3 An annular example where g(r)=0 covers a large central zone
This annulus with an ‘onset’ radius of 90 AU and g(r) rising to a ‘plateau’ was constructed using the σ(r) curve adjusting algorithms of the Appendix.1 If such an annulus were to exist in the ecliptic plane of the Solar System, it would have very little gravitational effect upon planetary orbits, but the planets would need to be ‘traveling through’ the annulus, perhaps sweeping out a clear space within a bilamellate structure parallel to its plane (considered further in Sect. 6). Of course not all the planets are in the ecliptic plane with mathematical precision, so there may be slight radial components arising from the axial gravitation of such an annulus but the axial gravitation is likely to be very small, being zero on the annular plane. The chief point made here is that such an annulus could be very difficult to detect gravitationally because of its very small perturbing effect upon planetary orbits. In contrast to this, in Fig. 2(b), all the annulus is removed, apart from leaving a ring of matter in the Kuiper belt region, when it then becomes apparent from the resulting g(r) function that this ring would then produce gravitational effects upon all the planets. This would normally enable a constraint on the mass of the ring to be obtained, but by embedding the ring within the rest of the annulus, its radial gravitational effects are nullified. It is these Newtonian annular gravitational effects which we utilize here.
We call the very large annulus in Fig. 2(a) a ‘background’ annulus, in the sense that it has very little gravitational influence upon Solar System bodies or spacecraft on trajectories near to its plane, and in an idealized coplanar situation, independently of its mass. Of course, the influence of such an annulus would become gravitationally detectable, in its plane, at radii greater than its ‘onset’ radius, hence our interest in New Horizons, discussed later. The annulus of Fig. 2(a) produces zero Pioneer anomalous acceleration out to 90 AU, but now we use this type of annulus to match the anomaly.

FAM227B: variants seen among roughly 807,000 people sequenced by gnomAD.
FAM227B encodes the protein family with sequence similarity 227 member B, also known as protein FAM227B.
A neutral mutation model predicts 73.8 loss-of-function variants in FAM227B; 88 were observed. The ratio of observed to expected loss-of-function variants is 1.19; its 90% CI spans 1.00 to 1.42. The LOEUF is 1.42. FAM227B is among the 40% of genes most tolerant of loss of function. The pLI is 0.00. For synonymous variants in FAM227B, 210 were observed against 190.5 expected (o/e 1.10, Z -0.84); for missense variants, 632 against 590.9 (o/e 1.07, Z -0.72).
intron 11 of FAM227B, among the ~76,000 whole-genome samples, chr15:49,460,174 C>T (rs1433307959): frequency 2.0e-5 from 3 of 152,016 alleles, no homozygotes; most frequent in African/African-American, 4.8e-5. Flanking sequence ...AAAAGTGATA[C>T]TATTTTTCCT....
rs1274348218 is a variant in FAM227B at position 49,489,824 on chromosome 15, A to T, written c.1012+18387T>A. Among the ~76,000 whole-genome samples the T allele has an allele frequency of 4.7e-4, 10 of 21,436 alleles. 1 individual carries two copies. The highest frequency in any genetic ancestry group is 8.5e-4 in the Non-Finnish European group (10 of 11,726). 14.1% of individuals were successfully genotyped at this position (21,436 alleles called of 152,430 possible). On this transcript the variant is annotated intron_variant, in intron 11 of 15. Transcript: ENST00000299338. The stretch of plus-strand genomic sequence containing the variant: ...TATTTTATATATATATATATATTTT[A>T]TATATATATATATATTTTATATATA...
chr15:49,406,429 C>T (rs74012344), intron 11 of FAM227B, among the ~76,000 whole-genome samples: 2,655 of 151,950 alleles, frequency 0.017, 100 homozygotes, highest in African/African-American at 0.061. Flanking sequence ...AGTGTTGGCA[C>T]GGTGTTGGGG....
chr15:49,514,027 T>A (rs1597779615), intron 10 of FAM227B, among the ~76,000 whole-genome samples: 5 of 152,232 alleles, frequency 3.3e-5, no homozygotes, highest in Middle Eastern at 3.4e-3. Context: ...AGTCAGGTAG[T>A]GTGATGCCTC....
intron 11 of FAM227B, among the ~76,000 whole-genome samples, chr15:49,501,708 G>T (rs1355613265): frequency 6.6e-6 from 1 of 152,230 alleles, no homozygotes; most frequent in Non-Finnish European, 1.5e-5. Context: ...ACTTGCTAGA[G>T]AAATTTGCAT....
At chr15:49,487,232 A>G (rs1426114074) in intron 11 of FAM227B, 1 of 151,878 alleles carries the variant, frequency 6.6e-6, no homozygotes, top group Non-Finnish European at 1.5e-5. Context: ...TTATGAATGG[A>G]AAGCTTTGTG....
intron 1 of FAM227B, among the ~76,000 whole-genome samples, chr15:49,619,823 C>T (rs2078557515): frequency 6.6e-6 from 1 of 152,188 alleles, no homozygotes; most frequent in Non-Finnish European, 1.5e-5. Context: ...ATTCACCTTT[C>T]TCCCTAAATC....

4 Matching the Pioneer anomaly data
4.1 Inserting gravitational nulls
The suggestion made here is that the gravitational nulls corresponding to the planetary orbits of Uranus and Neptune were sufficiently narrow that they did not show up in the Pioneer anomaly data, but there is an additional consideration: the g(r) ‘plateau’ falls in strength only slowly with distance above and below the annular plane, whereas gravitational nulls ‘fill in’ more rapidly, so spacecraft, such as Pioneer 10 and Pioneer 11, flying a few to several AU from the orbital planes of Uranus and Neptune, could experience the constancy of a very small sunward annular gravitational effect without encountering planetary nulls. Using data from http://cohoweb.gsfc.nasa.gov/helios/heli.html, our estimated ‘clearance distances’ between Pioneer 11 and the orbital paths of Uranus and Neptune are 5 AU and 8 AU respectively, and for Pioneer 10, 1.1 AU and 2.5 AU respectively. At the closest orbital crossing, viz. Pioneer 10 crossing Uranus’s orbit, the g(r) null has already filled in to a level of 75 %, whereas at the farthest orbital crossing, viz. Pioneer 11 crossing Neptune’s orbit, the g(r) ‘plateau’ still operates at 70 % of its full strength. Thus the Pioneers could have missed the planetary nulls because what remained of them on their particular trajectories, was hidden in the uncertainties.
4.2 Matching the report of a decreasing anomalous acceleration
The recent study (Turyshev et al. 2011), using newly recovered data, reported evidence that the Pioneer anomaly was decreasing slowly over time at 1.7×10−11 m s−2 yr−1 suggesting an association with the anisotropic radiation of spacecraft heat, very slowly decreasing, arising from the radioisotope thermoelectric generators. This effect can also be simulated by contouring the annulus, as in Fig. 4, so that g(r) decreases at the spatial rate of 6.6×10−12 m s−2 AU −1 over the range 50–70 AU, and with Pioneer 10 traveling outwards here at ∼2.6 AU yr−1, the craft would then also experience an anomalous acceleration falling temporally at 1.7×10−11 m s−2 yr−1. With two possibilities for explaining the same effect, then a minor fractional contribution from annular gravitation could be masked by the major fractional contribution to the anomaly arising from anisotropically radiated spacecraft heat.
4.3 Uncertainties of the data near to Saturn and Jupiter